The Wildlife Trusts is the beneficiary charity for this year’s John Lewis Christmas advert "Buster the Boxer", which marks a departure from the downbeat tone of last year’s "Man on the Moon" advert for Age UK.
The Wildlife Trusts will receive 10 per cent from the sale of soft toys based on characters in the advert, which features animals bouncing on a trampoline that has been given to a young girl as a Christmas present.
John Lewis said its latest advert was designed to make people smile. Rachel Swift, head of brand marketing at John Lewis, said at a conference last week that the 2015 advert had prompted concerns because of its gloominess.
A spokeswoman for John Lewis told Third Sector the change in approach wasn’t a reaction to the reception given to "Man on the Moon, which she said had been positive, but rather an independent decision based on what the company believed the public would want to see this year.
"Buster the Boxer", which will tonight be broadcast for the first time on terrestrial television, on ITV, tells the two-minute tale of a dog called Buster and his family at Christmas, set to a cover version of the song One Day I’ll Fly Away.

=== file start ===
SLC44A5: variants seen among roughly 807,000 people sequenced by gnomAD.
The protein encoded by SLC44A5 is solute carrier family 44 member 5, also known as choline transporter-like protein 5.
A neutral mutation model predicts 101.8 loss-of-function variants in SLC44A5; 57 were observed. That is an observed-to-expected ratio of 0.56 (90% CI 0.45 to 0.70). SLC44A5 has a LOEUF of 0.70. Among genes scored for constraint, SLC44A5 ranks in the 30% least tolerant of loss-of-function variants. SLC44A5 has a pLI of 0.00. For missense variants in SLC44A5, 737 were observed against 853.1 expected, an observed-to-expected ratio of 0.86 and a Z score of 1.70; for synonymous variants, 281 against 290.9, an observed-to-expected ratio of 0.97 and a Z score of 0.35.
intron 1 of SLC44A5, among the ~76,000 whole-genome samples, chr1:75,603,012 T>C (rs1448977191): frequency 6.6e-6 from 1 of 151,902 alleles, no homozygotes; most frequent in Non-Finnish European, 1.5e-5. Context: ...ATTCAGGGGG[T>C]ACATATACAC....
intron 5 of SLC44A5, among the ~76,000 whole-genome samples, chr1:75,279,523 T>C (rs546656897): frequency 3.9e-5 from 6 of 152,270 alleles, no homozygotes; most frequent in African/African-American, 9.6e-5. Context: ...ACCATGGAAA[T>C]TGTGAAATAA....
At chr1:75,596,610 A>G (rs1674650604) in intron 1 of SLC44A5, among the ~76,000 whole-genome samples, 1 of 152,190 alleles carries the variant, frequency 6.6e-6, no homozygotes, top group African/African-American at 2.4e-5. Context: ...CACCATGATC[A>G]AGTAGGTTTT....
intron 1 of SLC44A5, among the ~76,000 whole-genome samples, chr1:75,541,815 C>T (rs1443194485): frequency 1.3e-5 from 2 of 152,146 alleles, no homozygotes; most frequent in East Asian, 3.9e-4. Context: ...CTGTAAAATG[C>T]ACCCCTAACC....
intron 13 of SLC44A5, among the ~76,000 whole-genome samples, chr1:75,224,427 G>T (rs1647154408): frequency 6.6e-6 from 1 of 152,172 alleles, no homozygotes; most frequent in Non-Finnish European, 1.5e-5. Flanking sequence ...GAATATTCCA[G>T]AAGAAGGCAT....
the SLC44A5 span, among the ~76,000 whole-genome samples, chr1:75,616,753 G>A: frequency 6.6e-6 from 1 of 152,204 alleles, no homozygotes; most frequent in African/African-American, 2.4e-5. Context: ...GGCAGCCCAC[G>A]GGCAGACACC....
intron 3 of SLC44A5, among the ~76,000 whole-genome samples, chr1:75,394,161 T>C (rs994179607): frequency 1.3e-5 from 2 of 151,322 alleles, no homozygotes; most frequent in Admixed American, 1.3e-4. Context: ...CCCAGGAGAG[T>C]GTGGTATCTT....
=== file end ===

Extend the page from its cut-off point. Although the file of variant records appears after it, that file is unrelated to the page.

The John Lewis spokeswoman said that the retailer approached the Wildlife Trusts directly about the partnership and there was no competitive process. "It was an obvious choice, given that the advert is all about wildlife," she said.
John Lewis will make a 10 per cent donation to the Wildlife Trusts from the sale of soft toys based on the characters that feature in the advert.
The retailer has also worked with the charity on a number of educational tools designed to encourage an interest in wildlife among children. The tools will be available online.
The retailer’s spokeswoman said there was no financial target for the partnership. A spokeswoman for the Wildlife Trusts said the charity had no expectations about how much it would receive.
Neither John Lewis nor Age UK were able to say how much the 2015 advert had raised, but it had been expected to bring in hundreds of thousands of pounds.
This year’s advert is understood to have cost about £7m in total, most of which was spent buying slots on television and the internet, and on marketing. It was created by the advertising agency adam&eveDDB, with media planning and buying by Manning Gottlieb OMD.
Craig Inglis, customer director at John Lewis, said in a statement: "Each year we work with a charity which fits our ad, and we hope this year’s campaign will encourage more children to discover a love of British wildlife and encourage support of the Wildlife Trusts."
Stephanie Hilborne, chief executive of the Wildlife Trusts, said in a statement: "John Lewis putting some of our most beautiful British wild animals at the centre of their Christmas advert and making the Wildlife Trusts their charity of choice this Christmas is great news. With this support we will be able to inspire thousands more children about the wonders of the natural world."
The new advert is the 10th consecutive Christmas advert from John Lewis. Its first was created in 2007; filming is usually done in July.